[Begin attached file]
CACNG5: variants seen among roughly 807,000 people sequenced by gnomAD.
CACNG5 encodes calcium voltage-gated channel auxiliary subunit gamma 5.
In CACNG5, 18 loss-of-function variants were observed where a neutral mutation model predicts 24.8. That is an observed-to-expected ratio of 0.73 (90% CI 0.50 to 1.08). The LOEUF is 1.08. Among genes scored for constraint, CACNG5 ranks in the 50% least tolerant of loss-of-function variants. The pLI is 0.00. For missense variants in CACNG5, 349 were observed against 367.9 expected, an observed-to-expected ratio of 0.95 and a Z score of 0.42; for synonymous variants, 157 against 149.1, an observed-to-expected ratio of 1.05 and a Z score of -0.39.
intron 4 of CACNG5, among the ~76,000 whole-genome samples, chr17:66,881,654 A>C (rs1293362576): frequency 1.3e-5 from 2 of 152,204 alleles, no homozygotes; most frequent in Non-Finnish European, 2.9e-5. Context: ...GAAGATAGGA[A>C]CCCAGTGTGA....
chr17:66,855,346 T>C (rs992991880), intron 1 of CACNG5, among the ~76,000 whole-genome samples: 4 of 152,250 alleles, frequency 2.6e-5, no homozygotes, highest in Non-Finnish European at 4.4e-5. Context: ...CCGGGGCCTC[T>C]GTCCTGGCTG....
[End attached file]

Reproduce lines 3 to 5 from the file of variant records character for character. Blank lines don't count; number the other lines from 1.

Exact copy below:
In CACNG5, 18 loss-of-function variants were observed where a neutral mutation model predicts 24.8. That is an observed-to-expected ratio of 0.73 (90% CI 0.50 to 1.08). The LOEUF is 1.08. Among genes scored for constraint, CACNG5 ranks in the 50% least tolerant of loss-of-function variants. The pLI is 0.00. For missense variants in CACNG5, 349 were observed against 367.9 expected, an observed-to-expected ratio of 0.95 and a Z score of 0.42; for synonymous variants, 157 against 149.1, an observed-to-expected ratio of 1.05 and a Z score of -0.39.
intron 4 of CACNG5, among the ~76,000 whole-genome samples, chr17:66,881,654 A>C (rs1293362576): frequency 1.3e-5 from 2 of 152,204 alleles, no homozygotes; most frequent in Non-Finnish European, 2.9e-5. Context: ...GAAGATAGGA[A>C]CCCAGTGTGA....
chr17:66,855,346 T>C (rs992991880), intron 1 of CACNG5, among the ~76,000 whole-genome samples: 4 of 152,250 alleles, frequency 2.6e-5, no homozygotes, highest in Non-Finnish European at 4.4e-5. Context: ...CCGGGGCCTC[T>C]GTCCTGGCTG....